Chaucer, Internationalism, and Europe.
The Canterbury Tales: Internationalism in Poetry.
Amid all the hatred and lies spread during the Referendum, not least by the ‘Lexit’ Left, there is one figure of British identity to whom we cleave.
Chaucer (1343 – 25 October 1400) has a good claim to be the father of British literature.
He was also profoundly European, full of wry humour about regional and national differences, and, in modern terms, an internationalist.
Chaucer had a deep sense of change,
Ye knowe eek, that in forme of speche is chaunge
Withinne a thousand yeer, and wordes tho
That hadden prys, now wonder nyce and straunge
Us thinketh hem; and yet they spake hem so,
And spedde as wel in love as men now do;
Eek for to winne love in sondry ages,
In sondry londes, sondry ben usages.
A humanist, in the deepest sense, he brought to light the burgeoning and changing English tongue, still marked by traces of inflections, in all its richness, a fusion of English and the Romance languages.
And for ther is so gret diversite
In Englissh and in writyng of oure tonge,
So prey I God that non myswrite the,
Ne the mysmetre for defaute of tonge;
And red wherso thow be, or elles songe,
That thow be understonde, God I biseche!
The Canterbury Tales’ five-stress lines rhyming couplets are loved deeply.
The characters of the Wife of Bath and in the Miller’s Tale – to name only two – will be cherished wherever English is spoken. His affectionate anti-clerical lines (the Friar’s Tale) indicate more than a religious bent, they are social satire.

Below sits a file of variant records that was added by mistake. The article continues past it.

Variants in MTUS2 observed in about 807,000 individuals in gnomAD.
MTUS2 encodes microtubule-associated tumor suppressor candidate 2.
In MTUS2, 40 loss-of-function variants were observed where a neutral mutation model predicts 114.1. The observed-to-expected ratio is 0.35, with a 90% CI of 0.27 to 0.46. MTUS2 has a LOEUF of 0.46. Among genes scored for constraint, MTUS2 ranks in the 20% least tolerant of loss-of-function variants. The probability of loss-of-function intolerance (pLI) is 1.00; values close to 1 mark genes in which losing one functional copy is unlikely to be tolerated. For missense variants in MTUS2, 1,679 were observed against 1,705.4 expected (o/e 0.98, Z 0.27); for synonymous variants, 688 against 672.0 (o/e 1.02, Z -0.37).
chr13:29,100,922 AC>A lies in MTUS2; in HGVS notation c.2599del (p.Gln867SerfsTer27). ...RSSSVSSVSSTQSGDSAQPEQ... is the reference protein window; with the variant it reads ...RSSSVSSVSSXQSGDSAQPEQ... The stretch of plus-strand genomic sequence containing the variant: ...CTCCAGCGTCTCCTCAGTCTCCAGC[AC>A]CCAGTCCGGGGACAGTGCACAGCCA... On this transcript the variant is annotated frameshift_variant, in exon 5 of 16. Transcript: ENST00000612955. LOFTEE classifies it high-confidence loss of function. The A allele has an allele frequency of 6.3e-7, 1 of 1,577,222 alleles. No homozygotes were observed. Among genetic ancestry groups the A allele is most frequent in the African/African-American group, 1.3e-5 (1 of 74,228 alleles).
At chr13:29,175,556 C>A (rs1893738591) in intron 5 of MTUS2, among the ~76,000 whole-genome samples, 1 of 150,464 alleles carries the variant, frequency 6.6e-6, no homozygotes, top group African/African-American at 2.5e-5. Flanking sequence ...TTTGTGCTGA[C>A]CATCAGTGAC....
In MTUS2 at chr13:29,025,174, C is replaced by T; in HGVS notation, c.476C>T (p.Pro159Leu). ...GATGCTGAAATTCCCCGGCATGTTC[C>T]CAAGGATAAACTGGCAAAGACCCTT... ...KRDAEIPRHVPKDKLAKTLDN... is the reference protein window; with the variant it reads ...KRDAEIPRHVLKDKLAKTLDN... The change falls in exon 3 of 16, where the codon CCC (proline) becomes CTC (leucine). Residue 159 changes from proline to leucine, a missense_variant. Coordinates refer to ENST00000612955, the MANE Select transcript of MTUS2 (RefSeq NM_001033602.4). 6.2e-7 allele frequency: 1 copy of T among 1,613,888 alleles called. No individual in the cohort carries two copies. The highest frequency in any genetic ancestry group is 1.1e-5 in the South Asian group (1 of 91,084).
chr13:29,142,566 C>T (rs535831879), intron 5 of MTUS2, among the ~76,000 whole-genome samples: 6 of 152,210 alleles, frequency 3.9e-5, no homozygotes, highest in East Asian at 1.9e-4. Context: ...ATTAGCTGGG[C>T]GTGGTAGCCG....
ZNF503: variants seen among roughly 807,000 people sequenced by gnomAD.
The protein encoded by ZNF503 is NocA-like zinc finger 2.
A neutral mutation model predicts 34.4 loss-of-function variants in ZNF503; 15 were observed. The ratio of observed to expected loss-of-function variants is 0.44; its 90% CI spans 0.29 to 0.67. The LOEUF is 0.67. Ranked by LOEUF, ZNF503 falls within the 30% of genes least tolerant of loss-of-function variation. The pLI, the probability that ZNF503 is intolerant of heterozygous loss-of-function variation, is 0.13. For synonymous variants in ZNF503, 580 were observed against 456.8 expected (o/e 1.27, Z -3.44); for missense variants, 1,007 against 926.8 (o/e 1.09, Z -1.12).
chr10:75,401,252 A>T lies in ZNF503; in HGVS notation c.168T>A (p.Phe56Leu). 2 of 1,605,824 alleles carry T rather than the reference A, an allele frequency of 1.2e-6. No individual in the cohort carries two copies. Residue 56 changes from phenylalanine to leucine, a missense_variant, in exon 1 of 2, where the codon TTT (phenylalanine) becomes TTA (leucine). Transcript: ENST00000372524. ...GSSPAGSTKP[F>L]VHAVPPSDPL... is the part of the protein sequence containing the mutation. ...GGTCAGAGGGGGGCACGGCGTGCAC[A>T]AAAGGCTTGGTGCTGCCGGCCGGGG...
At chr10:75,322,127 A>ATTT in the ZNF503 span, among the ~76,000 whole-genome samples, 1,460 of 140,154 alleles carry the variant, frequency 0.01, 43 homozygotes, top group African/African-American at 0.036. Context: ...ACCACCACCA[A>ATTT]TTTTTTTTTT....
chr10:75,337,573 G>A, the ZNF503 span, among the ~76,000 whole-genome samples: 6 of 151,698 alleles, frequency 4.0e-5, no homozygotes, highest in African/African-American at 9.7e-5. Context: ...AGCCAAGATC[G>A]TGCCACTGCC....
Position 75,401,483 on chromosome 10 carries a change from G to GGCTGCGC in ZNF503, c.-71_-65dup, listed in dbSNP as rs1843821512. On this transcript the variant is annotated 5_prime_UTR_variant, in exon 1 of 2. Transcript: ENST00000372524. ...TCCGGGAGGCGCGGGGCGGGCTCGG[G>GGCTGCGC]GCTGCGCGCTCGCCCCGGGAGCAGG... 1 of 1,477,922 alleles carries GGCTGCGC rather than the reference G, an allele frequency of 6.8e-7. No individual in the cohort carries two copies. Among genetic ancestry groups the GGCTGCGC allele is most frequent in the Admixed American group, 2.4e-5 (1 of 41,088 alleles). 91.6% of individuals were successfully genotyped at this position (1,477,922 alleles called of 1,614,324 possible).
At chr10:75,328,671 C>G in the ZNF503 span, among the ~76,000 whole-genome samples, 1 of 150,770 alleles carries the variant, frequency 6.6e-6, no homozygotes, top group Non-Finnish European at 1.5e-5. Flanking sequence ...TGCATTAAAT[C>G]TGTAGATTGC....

I learnt Chaucer doing my ‘A’ Levels at Westminster Further Education College – a state institution – at the time located in Peter Street, Soho.
Our teacher was a gay bloke talking to a class which included a large group of black youngsters and a very wide number of nationalities.
We were entranced by the poems, and by our text, The Wife of Bath.
After the results of our ‘A levels – a high pass rate, many of us getting As and Bs – he took us to his gaff in Lamb’s Conduit Street where he lived with his partner. We got pissed out of our minds and I ended up with a Scottish women in some low dive in the Strand.
Chaucer holds a special place in the feelings of us British people.
I do not think that any other European country has quite the single figure of the poet of the Tabard Inn, or studies late medieval writing so widely.
A few years ago, after an Ipswich Trades Council meeting, we were talking about him in the pub.
With one exception we had all studied Chaucer for ‘A’ Level English and held him in deep affection.
A man who brought to English the influence of the Italian stories of Boccaccio and French medieval poetry, (he was fluent in French and conversant in Italian) yet was equally extremely English, he was, and remains, a model of internationalism.
The French poet Eustache Deschamps (1340–1406) called Chaucer his “revered teacher, father, and master”.
One line in the Canterbury Tales which I will always remember – as a warning to those who are now siding with the Reaction in the European Referendum – is this,
But Cristes lore, and his apostles twelve,
He taught; but first he folwed it himselve.